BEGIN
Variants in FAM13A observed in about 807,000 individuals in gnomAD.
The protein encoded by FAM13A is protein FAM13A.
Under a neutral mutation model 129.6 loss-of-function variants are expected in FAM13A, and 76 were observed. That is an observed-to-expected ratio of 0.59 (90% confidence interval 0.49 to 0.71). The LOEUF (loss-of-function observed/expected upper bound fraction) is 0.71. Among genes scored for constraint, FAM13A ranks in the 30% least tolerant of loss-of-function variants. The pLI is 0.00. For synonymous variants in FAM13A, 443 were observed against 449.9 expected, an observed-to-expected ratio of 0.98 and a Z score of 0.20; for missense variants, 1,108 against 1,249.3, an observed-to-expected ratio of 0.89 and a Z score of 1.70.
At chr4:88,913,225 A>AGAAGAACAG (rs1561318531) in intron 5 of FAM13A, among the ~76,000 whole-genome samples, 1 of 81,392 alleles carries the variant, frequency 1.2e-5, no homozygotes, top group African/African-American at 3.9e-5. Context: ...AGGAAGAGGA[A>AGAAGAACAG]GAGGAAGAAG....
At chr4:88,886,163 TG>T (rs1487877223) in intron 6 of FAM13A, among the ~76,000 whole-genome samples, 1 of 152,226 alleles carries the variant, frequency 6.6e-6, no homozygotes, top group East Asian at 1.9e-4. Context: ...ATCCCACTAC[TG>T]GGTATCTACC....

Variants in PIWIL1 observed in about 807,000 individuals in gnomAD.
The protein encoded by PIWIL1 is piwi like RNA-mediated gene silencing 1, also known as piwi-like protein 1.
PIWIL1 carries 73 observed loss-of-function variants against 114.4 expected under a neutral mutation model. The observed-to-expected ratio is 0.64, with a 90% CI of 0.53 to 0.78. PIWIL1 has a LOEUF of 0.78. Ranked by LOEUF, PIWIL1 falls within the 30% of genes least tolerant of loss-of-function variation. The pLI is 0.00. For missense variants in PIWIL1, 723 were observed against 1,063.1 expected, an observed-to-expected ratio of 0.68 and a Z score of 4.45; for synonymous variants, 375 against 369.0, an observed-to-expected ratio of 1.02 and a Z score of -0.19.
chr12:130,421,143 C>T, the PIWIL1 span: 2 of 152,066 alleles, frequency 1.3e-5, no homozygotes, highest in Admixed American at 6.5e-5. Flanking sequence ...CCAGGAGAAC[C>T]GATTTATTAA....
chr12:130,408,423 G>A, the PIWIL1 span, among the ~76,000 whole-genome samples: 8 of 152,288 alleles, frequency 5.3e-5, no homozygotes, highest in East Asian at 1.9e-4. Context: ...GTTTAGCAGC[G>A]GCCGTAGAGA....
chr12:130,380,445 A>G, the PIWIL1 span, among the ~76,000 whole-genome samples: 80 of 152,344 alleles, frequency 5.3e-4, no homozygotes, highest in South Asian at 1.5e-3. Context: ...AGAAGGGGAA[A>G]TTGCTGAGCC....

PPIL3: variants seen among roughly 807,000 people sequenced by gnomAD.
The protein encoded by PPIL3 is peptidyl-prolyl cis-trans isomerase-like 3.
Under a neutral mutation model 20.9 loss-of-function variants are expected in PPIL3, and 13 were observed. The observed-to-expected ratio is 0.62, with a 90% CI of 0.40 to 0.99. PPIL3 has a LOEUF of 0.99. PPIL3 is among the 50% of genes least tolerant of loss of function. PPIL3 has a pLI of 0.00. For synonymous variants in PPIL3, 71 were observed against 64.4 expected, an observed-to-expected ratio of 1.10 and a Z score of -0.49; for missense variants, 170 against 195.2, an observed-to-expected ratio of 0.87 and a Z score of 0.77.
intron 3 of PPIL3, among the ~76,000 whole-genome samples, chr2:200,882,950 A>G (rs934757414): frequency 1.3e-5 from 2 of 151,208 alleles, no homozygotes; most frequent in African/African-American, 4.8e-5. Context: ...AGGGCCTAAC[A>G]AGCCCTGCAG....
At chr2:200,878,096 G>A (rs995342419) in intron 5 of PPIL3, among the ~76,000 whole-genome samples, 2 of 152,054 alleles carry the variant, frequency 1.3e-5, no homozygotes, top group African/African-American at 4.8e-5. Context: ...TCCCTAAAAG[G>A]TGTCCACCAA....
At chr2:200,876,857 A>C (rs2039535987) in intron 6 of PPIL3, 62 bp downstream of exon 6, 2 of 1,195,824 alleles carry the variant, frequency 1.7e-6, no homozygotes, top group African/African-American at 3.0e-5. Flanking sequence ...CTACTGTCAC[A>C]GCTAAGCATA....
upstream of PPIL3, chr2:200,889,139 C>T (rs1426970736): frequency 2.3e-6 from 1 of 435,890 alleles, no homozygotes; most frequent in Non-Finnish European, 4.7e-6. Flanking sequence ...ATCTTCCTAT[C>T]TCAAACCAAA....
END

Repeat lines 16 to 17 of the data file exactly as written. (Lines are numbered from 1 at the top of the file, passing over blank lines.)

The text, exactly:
At chr2:200,878,096 G>A (rs995342419) in intron 5 of PPIL3, among the ~76,000 whole-genome samples, 2 of 152,054 alleles carry the variant, frequency 1.3e-5, no homozygotes, top group African/African-American at 4.8e-5. Context: ...TCCCTAAAAG[G>A]TGTCCACCAA....
At chr2:200,876,857 A>C (rs2039535987) in intron 6 of PPIL3, 62 bp downstream of exon 6, 2 of 1,195,824 alleles carry the variant, frequency 1.7e-6, no homozygotes, top group African/African-American at 3.0e-5. Flanking sequence ...CTACTGTCAC[A>C]GCTAAGCATA....